The Prejudice and Discrimination Against African, Asian, Mexican American

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In the 1800s many minorities came into existence in the United States. At the beginning of the 1850s a mass migration to the U.S. began, which lead to the development of new minorities. Minorities arrived to the U.S. searching for a better future, while others were forced to immigrate especially Native Americans, African Americans, Latino Americans, and Asian Americans. These minorities were classified by John Ogbu into voluntary and involuntary minorities according to their response to their experiences in the United States. Minorities faced many obstacles in the United States such as discrimination, segregation, and diculturalization. However, their responses to this barriers, especially in terms of education and discrimination were different according to their experiences and classification of being voluntary or involuntary minorities.

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According to Ogbu, voluntary minorities are immigrants who chose to come to the United States, while involuntary minorities were immigrants who were forced into the United States against their will. Voluntary minorities believed that America is a land of opportunity of upward mobility by adapting to society and getting an education. Furthermore, if they experience discrimination and inequality, they would preserve it. On the other hand, involuntary minorities adapted a negative view of American society based on their ancestor’s experiences of racism, which resulted in blocked mobility. In addition, they developed an oppositional identity and culture, leading to the creation of “why try, why bother” attitude which was equal to “acting white” or selling one’s racial heritage.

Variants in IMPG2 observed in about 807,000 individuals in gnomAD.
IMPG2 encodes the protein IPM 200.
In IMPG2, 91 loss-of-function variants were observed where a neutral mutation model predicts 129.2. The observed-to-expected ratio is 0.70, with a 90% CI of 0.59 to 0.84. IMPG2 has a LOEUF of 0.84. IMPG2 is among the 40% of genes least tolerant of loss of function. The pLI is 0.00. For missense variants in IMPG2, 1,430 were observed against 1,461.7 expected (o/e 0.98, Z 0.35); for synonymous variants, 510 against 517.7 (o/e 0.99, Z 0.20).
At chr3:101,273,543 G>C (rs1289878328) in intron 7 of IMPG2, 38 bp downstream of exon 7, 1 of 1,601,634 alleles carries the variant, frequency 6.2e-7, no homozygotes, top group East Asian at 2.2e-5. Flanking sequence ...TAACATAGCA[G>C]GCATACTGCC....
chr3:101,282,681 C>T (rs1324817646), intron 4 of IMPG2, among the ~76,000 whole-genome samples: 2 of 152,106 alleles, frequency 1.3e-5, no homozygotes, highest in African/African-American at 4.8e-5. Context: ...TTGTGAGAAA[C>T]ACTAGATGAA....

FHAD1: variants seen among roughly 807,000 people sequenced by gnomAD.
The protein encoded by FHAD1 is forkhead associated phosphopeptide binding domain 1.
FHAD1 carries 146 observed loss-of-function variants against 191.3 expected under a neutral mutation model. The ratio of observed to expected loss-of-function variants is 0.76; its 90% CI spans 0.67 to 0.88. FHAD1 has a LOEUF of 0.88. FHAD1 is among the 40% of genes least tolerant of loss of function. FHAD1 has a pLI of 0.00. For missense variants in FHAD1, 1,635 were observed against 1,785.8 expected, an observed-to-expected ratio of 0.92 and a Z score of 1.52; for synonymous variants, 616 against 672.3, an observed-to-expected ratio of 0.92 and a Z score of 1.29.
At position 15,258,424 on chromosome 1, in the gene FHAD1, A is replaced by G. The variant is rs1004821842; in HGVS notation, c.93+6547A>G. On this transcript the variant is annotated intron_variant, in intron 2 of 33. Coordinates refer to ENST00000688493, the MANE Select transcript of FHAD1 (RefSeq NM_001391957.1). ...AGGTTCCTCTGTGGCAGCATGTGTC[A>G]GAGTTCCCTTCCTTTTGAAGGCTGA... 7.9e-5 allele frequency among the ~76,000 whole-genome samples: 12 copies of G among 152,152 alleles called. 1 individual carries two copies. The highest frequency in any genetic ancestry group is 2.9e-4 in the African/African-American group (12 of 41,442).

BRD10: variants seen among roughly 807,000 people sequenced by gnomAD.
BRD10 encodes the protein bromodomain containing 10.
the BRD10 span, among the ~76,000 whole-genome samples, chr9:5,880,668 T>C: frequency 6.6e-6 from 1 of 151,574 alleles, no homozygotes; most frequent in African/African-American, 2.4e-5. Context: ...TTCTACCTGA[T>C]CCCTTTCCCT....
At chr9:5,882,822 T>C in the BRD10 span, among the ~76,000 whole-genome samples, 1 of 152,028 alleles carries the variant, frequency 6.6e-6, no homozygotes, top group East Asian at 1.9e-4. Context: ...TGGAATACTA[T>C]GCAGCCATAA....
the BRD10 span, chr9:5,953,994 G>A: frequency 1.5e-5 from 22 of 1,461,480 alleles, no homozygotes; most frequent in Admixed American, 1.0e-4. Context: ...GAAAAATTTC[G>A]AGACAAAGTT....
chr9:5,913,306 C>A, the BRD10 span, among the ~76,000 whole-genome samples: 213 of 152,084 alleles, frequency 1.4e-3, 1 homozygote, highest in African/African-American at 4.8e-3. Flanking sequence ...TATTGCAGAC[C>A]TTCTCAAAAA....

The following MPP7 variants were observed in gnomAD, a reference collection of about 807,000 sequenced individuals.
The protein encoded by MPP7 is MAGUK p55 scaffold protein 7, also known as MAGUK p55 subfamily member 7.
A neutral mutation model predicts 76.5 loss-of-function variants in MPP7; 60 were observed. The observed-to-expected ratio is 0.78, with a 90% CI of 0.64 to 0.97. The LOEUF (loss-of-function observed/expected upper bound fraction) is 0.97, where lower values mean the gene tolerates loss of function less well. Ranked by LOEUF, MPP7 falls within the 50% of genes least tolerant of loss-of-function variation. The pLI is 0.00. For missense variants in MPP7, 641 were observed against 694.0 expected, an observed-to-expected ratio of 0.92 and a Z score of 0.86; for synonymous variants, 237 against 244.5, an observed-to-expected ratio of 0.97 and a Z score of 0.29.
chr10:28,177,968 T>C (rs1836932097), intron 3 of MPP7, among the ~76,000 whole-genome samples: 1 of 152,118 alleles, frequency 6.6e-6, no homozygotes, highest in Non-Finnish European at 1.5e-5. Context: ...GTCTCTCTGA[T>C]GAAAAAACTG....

Native Americans and African Americans were one of the first involuntary minorities to experience deculturalization through discrimination and segregation. Native Americans welcomed Europeans to their territory, but they were betrayed and viewed as savages by the Europeans. The arrival of Europeans brought discrimination and segregation of Native Americans in the United States. Government began to impose restrictions that forced many Native Americans to leave from their land onto reservations, where many of them suffer because their land was their way of survival. Furthermore, since Europeans viewed Native Americans as savages, boarding schools were established as a way to “civilize” Native Americans according to Western culture. “Thomas McKenney believe in the power of schooling to culturally transform Native Americans. His opinion reflected the growing conviction among many European Americans that education was the key to social control and improvement of society (Spring 24).” For Europeans, education was their way to strip Native Americans of their cultural heritage and their identity through schooling. Even though, Native Americans were forced to become “civilized” or act white through education it did not work because they were involuntary immigrants. Since Native Americans were forced into Indian reservations, they were totally separated from the American culture and were able to keep their culture and identity. “The continued resistance by Native Americans led to demands in the latter part of the twentieth century for restoration of tribal cultures and languages (Spring 39).” Even though government and the American culture tried to “Americanize” Native Americans through education, their resistance was stronger which lead to the failure of this strategy.